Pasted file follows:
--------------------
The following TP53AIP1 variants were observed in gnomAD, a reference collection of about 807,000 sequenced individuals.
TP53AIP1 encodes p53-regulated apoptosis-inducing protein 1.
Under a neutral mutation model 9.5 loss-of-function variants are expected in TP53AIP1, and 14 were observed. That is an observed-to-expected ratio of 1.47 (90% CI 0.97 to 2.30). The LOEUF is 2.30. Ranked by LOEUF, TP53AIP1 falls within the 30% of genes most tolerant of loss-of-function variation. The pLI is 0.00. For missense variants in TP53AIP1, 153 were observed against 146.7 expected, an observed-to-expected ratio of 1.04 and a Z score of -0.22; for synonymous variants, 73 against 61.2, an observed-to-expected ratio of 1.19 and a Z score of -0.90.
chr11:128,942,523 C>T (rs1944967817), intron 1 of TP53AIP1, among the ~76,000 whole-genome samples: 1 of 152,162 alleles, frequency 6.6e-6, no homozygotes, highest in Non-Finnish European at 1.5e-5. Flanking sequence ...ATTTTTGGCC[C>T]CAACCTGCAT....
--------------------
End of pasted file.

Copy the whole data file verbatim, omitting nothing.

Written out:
The following TP53AIP1 variants were observed in gnomAD, a reference collection of about 807,000 sequenced individuals.
TP53AIP1 encodes p53-regulated apoptosis-inducing protein 1.
Under a neutral mutation model 9.5 loss-of-function variants are expected in TP53AIP1, and 14 were observed. That is an observed-to-expected ratio of 1.47 (90% CI 0.97 to 2.30). The LOEUF is 2.30. Ranked by LOEUF, TP53AIP1 falls within the 30% of genes most tolerant of loss-of-function variation. The pLI is 0.00. For missense variants in TP53AIP1, 153 were observed against 146.7 expected, an observed-to-expected ratio of 1.04 and a Z score of -0.22; for synonymous variants, 73 against 61.2, an observed-to-expected ratio of 1.19 and a Z score of -0.90.
chr11:128,942,523 C>T (rs1944967817), intron 1 of TP53AIP1, among the ~76,000 whole-genome samples: 1 of 152,162 alleles, frequency 6.6e-6, no homozygotes, highest in Non-Finnish European at 1.5e-5. Flanking sequence ...ATTTTTGGCC[C>T]CAACCTGCAT....